The next type of intellectual property that we will talk about is the copyright. Copyright rights extend to works of creative authorship that are fixed in a tangible medium of expression. If you paint a picture on a canvas, you have copyright rights by virtue of the fact that you created those items and put them in a fixed forum. Copyright registration is a substantial benefit to those who have copyright rights. The reason for this is that if you have a registered copyright, you can oftentimes obtain statutory damages up to $150,000 per work infringed. Now what does that mean? That basically means that in a copyright infringement lawsuit, instead of going through the very costly and time intensive process of proving your actual damages, which might be lost profits, of the reasonable royalty that could be paid for the work, you can ask for statutory damages and not have to go through that process.

That’s a huge incentive to file for registration with the U.S. Copyright Office. Additionally, it also puts others on notice of your rights. If you file with the U.S. Copyright Office, you will be listed in a searchable database, and others can see whether or not you’ve obtained copyright protection, and they can decide based on that database entry that they probably shouldn’t infringe on your rights.

The next piece of intellectual property that we will talk about is the patent. Now a patent is a government granted monopoly that provides the right to exclude others from making, using, or selling an invention. In the United States, in order to obtain patent rights you actually have to file for patent registration. It’s incredibly important that you talk to a patent attorney, and that if you’ve got an invention that you believe is marketable, you at least get an idea of whether or not you should file for patent protection. Patents are the traditional area of intellectual property that we think of when we think of that term, and there’s a good reason for that.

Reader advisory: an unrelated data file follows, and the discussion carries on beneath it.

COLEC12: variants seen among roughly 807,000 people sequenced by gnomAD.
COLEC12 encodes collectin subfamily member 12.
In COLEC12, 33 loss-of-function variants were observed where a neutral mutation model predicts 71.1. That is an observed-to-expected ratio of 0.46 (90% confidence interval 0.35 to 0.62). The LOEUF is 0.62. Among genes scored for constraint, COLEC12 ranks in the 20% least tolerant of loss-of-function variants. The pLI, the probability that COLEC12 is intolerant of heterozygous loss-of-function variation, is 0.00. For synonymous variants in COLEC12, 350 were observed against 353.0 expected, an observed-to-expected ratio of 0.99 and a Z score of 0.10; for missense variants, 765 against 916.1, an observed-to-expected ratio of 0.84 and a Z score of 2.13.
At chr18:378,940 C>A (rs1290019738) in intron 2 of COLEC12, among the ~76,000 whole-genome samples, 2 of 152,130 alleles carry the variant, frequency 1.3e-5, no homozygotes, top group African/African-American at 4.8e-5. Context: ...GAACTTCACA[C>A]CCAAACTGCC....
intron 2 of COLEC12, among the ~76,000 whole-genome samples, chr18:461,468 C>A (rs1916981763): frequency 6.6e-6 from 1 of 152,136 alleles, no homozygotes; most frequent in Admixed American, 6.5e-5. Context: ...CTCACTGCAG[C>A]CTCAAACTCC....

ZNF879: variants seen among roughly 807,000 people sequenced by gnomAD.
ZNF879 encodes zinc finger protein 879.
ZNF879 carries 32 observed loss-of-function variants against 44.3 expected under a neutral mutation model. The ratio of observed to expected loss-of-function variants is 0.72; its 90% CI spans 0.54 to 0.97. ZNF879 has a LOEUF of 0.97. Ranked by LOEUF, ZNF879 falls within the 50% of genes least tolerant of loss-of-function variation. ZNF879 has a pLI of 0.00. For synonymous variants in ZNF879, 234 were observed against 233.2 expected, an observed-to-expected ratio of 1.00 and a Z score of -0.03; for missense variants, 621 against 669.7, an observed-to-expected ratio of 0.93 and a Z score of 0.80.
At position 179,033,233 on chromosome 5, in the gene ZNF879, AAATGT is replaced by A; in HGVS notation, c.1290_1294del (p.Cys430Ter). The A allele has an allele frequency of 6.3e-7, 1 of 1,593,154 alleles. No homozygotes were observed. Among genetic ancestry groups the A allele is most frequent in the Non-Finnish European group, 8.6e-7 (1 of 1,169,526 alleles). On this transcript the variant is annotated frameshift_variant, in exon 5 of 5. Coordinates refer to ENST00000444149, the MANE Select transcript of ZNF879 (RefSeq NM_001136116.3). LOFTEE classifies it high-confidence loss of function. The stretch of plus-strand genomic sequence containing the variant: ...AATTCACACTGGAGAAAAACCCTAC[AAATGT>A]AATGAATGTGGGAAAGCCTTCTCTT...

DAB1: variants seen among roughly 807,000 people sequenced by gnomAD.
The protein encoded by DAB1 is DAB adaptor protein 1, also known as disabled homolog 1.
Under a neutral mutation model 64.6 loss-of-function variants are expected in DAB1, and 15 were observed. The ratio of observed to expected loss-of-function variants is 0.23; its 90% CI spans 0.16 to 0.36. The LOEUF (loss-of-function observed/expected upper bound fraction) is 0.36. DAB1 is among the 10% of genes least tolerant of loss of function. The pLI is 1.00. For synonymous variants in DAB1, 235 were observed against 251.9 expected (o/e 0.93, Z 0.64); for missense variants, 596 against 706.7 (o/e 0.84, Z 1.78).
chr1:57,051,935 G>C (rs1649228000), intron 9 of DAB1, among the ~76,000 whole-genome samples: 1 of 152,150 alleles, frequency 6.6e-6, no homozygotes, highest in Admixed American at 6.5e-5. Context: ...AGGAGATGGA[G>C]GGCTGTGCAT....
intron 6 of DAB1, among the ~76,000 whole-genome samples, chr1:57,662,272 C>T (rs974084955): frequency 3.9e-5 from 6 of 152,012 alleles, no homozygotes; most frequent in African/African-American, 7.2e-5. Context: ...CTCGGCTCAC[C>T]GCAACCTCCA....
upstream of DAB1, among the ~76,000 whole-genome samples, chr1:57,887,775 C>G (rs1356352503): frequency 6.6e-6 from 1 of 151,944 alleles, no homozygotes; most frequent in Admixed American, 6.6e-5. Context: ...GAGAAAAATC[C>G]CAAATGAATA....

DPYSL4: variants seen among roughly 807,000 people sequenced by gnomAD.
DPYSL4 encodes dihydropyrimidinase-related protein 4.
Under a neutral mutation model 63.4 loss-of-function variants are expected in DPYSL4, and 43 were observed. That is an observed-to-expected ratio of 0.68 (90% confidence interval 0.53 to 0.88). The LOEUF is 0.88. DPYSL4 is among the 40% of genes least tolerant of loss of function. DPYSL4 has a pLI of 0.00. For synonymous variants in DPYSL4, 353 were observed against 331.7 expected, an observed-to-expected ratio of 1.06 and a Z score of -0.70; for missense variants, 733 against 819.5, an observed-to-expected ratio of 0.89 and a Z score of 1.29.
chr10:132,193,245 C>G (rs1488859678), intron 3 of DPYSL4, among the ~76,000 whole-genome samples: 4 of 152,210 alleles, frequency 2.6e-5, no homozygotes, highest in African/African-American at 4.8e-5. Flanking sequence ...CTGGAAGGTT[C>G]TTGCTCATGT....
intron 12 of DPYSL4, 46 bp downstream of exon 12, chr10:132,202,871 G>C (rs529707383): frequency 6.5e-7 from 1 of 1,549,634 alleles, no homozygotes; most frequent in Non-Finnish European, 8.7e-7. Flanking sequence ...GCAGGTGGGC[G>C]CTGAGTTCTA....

Patents have been the lifeblood of American ingenuity for a long period of time, and basically the U.S. patent system is probably one of the best in the world, and it contains the ability to search and document those inventions and actually improve on them by looking at what other people have invented. It’s a very important piece of the intellectual property system in the United States.

The final piece of intellectual property that we’ll talk about today is the trade secret. Now trade secrets don’t require a lot from your end. Basically a trade secret is anything that derives independent economic value from the fact that it is a secret. If you keep something a secret, it may have trade secret protection. Now, my favorite example of a trade secret is beer, because I love beer, and brewing recipes are really a trade secret and nothing else. For example, if you create a new and unique IPA, you cannot obtain copyright protection to protect others from replicating that recipe. You can’t use a trademark to prevent others from replicating that recipe either, and of course patent doesn’t apply either.

The only way to protect that recipe is to have it fall under trade secret protection. Now how do you do that? Well, really to protect something with a trade secret, you just have to keep it a secret. You have to control access to it, you have to make sure that only the right people have knowledge of it or access to it. That’s really it. It’s a very valuable form of intellectual property for a lot of businesses, such as the food industry and manufacturing companies.

Those are the 4 categories of intellectual property. I hope this has been helpful, and if you have any questions feel free to email them to us at ask@revision, R-E-V-I-S-I-O-N legal, L-E-G-A-L, dot com. We hope you’ll tune in again at some other time. Thank you.